The August friendly will no longer be staged from this year, but Sven-Göran Eriksson might have wished that decision was made 10 years earlier. England's humiliating 4-1 defeat to Denmark in 2005 should have been an inconsequential blip for the Swede, who was about to guide the national team to a second successive World Cup. Instead, it was the beginning of the end for him and the Three Lions.
Dennis Rommedahl, Jon-Dahl Tomasson, Michael Gravgaard and Soren Larsen's goals contributed to the worst England result in 25 years. David James, whose selection for the 2010 World Cup is perhaps the nadir of England mediocrity this century, was comically calamitous in Copenhagen. He emerged as a second-half substitute with the scoreline goalless and was culpable for three of the Danish goals.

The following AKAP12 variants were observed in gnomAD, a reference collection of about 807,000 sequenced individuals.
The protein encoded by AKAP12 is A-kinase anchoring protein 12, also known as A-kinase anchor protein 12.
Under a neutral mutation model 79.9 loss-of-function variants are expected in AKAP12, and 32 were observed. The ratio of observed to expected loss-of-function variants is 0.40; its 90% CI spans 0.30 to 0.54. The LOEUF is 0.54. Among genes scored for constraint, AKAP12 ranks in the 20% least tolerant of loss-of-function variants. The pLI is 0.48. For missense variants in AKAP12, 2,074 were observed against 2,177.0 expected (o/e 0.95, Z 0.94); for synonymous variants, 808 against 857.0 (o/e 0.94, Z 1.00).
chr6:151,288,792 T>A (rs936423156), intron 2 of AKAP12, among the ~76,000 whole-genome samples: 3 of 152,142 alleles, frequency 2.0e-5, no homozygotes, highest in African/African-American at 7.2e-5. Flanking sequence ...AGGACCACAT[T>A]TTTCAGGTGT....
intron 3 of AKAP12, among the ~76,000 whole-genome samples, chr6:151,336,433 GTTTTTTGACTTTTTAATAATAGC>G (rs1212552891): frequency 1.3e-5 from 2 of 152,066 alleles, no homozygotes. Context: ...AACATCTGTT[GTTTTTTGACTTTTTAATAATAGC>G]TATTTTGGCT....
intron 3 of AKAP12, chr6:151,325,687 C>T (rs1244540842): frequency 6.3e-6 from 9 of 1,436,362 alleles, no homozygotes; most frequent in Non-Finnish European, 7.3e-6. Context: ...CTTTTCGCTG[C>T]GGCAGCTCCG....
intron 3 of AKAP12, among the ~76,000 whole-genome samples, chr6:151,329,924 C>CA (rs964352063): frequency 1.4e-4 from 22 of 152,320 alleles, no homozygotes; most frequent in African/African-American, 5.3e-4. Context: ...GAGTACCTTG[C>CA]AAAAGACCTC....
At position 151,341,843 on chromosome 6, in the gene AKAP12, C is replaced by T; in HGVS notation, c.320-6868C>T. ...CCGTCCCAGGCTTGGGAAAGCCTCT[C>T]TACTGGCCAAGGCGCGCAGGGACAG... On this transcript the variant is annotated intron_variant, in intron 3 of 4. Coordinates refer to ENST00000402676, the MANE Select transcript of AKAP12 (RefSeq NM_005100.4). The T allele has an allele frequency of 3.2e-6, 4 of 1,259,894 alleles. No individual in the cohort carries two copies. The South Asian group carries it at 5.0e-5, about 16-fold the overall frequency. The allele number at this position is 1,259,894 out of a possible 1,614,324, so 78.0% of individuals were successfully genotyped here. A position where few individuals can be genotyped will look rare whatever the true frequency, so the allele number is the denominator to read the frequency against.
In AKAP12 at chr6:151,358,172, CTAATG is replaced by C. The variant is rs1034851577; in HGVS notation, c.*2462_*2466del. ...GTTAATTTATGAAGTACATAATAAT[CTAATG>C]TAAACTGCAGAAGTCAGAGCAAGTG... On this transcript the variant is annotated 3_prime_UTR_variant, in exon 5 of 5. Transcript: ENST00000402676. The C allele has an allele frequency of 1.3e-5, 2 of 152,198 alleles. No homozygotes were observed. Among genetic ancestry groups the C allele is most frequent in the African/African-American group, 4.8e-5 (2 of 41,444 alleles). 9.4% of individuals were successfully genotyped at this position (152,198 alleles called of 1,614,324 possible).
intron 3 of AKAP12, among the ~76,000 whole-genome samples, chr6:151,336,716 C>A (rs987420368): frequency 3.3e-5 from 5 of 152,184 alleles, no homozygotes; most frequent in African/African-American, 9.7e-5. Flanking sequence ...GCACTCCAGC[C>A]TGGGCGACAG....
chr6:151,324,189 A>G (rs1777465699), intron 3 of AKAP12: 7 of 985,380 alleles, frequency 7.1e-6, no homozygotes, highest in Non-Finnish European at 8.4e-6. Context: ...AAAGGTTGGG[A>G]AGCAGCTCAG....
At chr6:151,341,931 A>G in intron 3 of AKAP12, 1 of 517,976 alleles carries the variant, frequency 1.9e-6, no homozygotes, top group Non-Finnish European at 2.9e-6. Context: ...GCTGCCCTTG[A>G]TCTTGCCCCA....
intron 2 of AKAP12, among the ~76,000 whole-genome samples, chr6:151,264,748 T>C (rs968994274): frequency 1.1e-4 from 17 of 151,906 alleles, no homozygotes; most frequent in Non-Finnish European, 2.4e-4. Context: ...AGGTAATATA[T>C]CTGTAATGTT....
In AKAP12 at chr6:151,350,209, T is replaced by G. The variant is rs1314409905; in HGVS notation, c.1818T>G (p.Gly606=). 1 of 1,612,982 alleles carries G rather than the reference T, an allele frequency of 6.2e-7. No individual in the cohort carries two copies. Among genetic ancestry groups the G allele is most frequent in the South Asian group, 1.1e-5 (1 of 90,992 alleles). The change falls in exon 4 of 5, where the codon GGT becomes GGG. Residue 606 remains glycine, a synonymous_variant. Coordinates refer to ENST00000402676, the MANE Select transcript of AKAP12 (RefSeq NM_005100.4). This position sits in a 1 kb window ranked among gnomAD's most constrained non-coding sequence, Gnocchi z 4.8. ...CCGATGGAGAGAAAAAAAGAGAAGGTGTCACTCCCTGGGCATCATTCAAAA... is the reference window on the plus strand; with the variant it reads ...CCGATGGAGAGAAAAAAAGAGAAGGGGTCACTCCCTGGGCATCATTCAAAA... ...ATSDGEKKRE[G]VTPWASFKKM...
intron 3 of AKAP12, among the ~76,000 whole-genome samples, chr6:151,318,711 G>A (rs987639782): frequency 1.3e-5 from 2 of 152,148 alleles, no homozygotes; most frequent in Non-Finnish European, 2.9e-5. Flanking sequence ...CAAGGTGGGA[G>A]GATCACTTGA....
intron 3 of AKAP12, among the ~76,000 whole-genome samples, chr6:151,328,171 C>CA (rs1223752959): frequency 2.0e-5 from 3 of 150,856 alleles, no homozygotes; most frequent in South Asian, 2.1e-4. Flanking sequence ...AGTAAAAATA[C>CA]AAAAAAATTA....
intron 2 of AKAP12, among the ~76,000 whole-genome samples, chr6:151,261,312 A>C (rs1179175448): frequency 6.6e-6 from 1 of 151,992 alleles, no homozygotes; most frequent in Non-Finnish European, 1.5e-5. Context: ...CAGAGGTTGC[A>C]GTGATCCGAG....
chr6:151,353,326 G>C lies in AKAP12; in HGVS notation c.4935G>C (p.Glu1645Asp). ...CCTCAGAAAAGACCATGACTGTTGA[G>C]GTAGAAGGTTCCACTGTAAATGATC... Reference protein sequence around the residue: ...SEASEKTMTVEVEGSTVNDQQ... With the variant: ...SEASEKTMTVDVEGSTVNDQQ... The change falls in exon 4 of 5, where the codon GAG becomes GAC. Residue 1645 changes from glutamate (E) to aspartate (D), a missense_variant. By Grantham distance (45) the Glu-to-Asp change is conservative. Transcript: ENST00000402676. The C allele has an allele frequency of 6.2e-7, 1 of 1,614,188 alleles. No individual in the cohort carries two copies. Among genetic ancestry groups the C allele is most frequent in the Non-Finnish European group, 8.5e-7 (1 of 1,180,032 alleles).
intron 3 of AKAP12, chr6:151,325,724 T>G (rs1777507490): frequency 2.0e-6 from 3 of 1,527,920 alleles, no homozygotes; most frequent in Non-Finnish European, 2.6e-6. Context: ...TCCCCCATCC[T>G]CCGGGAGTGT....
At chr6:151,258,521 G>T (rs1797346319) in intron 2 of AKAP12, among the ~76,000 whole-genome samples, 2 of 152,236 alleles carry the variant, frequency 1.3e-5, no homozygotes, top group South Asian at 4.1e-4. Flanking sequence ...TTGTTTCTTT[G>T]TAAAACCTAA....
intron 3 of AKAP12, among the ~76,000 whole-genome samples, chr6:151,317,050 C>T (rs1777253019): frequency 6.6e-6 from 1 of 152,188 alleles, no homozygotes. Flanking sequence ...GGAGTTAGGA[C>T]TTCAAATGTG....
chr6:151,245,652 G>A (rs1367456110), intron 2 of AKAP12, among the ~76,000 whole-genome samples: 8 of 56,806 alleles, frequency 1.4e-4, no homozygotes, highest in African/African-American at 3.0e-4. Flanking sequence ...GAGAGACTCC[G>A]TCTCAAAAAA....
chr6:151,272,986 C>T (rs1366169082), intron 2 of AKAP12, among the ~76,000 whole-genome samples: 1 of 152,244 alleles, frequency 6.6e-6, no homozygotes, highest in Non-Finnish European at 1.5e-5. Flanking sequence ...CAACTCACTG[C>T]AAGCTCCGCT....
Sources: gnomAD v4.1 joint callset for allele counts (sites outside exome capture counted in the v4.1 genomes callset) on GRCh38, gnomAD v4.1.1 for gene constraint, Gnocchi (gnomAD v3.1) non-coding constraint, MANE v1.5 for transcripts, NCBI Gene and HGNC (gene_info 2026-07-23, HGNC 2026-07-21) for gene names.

Friendlies were rarely Eriksson's forte. He became a pioneer of the maximum substitutions rule which rendered the exhibition encounters redundant, although he made just six at the Parken Stadion.
However, the following month England scrappily defeated Wales in Cardiff and embarrassingly lost to Northern Ireland in Belfast. David Beckham was moved into the Andrea Pirlo role in a desperate and fruitless attempt to accommodate him and the upcoming Shaun Wright-Phillips. Wright-Phillips' career never recovered after that night.
Qualification for Germany 2006 was never in peril, thanks to wins over Austria and Poland in October, but Eriksson was verging on persona non grata and he fulfilled that status in January 2006. The fake Sheikh sting finally compelled him to end his five-year stint as England coach, but only after the World Cup.
With Wayne Rooney and Michael Owen both injured, Eriksson still selected them and 17-year-old Theo Walcott in his squad, alongside the profligate Peter Crouch. It could hardly have gone worse.
Owen ruptured his cruciate ligament in the group game with Sweden, Rooney was sent off in the quarter-final against Portugal, Crouch struggled as the lone striker and Walcott didn't get a kick. Out in the last eight again.